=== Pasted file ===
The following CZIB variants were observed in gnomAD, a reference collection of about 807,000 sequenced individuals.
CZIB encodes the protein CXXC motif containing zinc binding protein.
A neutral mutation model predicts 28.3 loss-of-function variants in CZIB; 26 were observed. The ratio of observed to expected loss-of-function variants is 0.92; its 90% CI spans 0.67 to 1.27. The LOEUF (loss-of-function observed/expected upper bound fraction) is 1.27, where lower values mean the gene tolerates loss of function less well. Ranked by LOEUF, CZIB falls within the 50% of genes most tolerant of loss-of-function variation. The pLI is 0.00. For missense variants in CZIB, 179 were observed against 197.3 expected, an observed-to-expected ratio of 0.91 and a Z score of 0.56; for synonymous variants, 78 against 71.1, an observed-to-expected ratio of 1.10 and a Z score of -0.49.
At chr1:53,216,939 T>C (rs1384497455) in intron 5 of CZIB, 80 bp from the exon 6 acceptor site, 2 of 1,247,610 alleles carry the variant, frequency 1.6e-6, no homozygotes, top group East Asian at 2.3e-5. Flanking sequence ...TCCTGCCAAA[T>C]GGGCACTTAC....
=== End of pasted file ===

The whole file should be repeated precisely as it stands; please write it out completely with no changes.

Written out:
The following CZIB variants were observed in gnomAD, a reference collection of about 807,000 sequenced individuals.
CZIB encodes the protein CXXC motif containing zinc binding protein.
A neutral mutation model predicts 28.3 loss-of-function variants in CZIB; 26 were observed. The ratio of observed to expected loss-of-function variants is 0.92; its 90% CI spans 0.67 to 1.27. The LOEUF (loss-of-function observed/expected upper bound fraction) is 1.27, where lower values mean the gene tolerates loss of function less well. Ranked by LOEUF, CZIB falls within the 50% of genes most tolerant of loss-of-function variation. The pLI is 0.00. For missense variants in CZIB, 179 were observed against 197.3 expected, an observed-to-expected ratio of 0.91 and a Z score of 0.56; for synonymous variants, 78 against 71.1, an observed-to-expected ratio of 1.10 and a Z score of -0.49.
At chr1:53,216,939 T>C (rs1384497455) in intron 5 of CZIB, 80 bp from the exon 6 acceptor site, 2 of 1,247,610 alleles carry the variant, frequency 1.6e-6, no homozygotes, top group East Asian at 2.3e-5. Flanking sequence ...TCCTGCCAAA[T>C]GGGCACTTAC....